Yeah, and you’d wash them anyhow, I’m sure. I bought frozen Chinese stuff and tasted it and had to read the label: sucralose. Sucralose tastes nasty and does horrid things to my digestive system. I read labels much more carefully anymore but some are almost impossible for me to read at all.
I looked it up and personally I’d stay away from it now. Definitely I would want to stay away if i was pregnant. This is just one link of many.
Sucralose (splenda) doesn’t bother me and I use it but everyone has different tolerances and tastes.
I’m not going to worry about touching it yesterday,I didn’t hold it for hours or anything lol but I will wash anything I make that may have come in contact with my questionable yarn(I cannot remember what it is).I’ll try not to throw everything in that tote away…
It should day on it if it’s mothproof so you’ll know. I’m sure just touching it isn’t going to be a problem since you wash your hands and I doubt the yarns touching it for a little while is a problem. I would be worried about the actual yarn.
That’s the thing,there’s one in my tote of yarns that I don’t know what it is…I bought it several years ago and no longer have the label.Oh well,if I can’t figure out what it is,I’ll just get rid of it!I think it’s silly to put pesticides on yarn!
Lamb’s Pride Bulky is the one I used that is mothproofed. When you think about it though, children’s sleepwear is required to be treated with a flame retardant chemical. No one really thinks about that.
Soy is in everything these days, which is why I stopped using margarine. Read the labels. I don’t want to be dictated to by someone who thinks they know what I should and shouldn’t eat. With the food and the moth proofed yarn, it would have been nice to be consulted first or given an alternative.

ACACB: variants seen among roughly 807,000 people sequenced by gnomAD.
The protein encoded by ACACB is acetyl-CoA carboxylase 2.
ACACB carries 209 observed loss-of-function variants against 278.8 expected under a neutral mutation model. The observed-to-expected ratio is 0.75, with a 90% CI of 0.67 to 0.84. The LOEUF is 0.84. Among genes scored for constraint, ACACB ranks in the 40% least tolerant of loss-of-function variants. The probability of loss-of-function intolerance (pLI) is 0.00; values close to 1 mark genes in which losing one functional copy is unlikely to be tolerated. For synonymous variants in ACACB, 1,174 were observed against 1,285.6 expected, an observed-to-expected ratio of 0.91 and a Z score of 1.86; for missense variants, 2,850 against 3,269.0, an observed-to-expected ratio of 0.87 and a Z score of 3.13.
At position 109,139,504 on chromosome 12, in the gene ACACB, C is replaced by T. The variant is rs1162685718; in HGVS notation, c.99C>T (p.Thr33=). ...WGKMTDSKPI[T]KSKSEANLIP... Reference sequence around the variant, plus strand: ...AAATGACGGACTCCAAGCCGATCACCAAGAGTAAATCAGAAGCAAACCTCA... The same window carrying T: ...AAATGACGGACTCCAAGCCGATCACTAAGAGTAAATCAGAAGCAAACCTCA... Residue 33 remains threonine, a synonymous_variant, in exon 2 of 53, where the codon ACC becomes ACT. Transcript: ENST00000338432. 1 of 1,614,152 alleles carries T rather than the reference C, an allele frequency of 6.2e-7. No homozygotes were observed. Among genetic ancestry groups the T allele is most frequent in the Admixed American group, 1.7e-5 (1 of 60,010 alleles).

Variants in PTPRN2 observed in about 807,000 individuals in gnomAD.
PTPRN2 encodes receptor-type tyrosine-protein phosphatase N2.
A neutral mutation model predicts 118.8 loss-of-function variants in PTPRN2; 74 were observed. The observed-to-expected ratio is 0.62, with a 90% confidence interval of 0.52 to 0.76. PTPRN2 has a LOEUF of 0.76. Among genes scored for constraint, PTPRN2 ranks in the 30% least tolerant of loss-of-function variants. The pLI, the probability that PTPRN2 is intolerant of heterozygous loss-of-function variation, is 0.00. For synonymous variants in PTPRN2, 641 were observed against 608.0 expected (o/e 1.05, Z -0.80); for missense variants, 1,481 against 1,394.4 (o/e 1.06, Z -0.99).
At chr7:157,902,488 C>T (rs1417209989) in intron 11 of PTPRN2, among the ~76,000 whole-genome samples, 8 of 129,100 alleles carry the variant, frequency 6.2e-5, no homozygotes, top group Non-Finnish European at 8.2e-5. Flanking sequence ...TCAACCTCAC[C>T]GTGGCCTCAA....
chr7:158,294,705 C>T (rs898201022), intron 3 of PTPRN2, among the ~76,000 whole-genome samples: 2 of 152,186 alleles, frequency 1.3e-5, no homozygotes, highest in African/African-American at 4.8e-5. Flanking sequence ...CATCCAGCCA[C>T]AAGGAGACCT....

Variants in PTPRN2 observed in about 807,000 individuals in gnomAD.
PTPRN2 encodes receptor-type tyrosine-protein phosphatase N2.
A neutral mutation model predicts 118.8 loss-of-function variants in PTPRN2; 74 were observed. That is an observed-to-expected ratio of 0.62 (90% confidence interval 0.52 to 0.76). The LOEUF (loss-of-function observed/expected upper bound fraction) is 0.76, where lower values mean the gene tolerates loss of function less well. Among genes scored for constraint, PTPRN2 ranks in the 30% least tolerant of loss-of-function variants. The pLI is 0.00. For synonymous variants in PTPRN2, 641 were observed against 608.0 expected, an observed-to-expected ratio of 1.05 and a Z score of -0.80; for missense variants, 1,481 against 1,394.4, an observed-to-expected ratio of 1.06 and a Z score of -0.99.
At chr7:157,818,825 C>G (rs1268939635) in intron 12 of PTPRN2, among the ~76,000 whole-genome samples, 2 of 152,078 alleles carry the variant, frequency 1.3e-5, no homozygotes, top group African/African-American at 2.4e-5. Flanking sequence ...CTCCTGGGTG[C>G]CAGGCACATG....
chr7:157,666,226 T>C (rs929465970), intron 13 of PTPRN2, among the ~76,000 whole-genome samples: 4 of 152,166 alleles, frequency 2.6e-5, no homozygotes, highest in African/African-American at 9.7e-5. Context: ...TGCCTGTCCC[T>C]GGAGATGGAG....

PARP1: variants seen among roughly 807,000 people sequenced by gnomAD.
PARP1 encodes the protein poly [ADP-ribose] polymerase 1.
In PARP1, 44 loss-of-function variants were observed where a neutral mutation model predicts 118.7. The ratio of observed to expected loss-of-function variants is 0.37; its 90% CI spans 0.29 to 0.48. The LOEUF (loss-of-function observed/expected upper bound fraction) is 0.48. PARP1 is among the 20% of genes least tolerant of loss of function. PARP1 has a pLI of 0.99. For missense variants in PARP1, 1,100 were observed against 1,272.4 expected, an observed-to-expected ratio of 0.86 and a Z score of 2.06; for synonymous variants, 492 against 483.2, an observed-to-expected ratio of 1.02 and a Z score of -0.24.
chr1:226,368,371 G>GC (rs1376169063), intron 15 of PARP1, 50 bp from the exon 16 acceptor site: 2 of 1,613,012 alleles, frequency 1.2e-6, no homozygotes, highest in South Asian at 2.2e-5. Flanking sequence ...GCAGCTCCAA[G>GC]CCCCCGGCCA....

I’m wondering too,like Jan said,if most wools are mothproofed and we just aren’t told about it. Brown Sheep said that both their LP and Superwash are mothproof and I do own both of these.I still have the label for the superwash and don’t remember seeing anything about it…I really just want to throw everything away…newly knit baby hat and all
As for the flame retardant pj’s,I just buy the ones without…that say they need to be snug fitting…but I guess flame retardants are on lots of things…couches,car seats,a lot of things.
And think about it. Moths come out in the spring/summer. Sweaters are put away then. What is the chance of a moth eating your sweater? Pretty slim. This is why girls 50 years ago had hope chests to store things like lace tablecloths before they got married. They were made of cedar, which is a natural moth repellent. Lane hope chests used to be advertised in all the bridal magazines in the 1970’s, but they’re not in fashion anymore.
OK Brown sheep said that even if it wasn’t on their label in 2008,it was still mothproofed. Here is the exact message" The current labels do say “Permanently mothproofed,” but that may not have been on the label back in 2008. I’ll ask the mill about that, too! However, even if the label does not say they are, they have been mothproofed. Otherwise, our mill would be a mass of moths from all the wool we have working all the time!"
Otherwise, our mill would be a mass of moths from all the wool we have working all the time!"
That’s why I wondered if all wool has been mothproofed.
This all makes more sense now. I’m hiking as long as a garment is washed it’s probably fine. Still a little freaky though.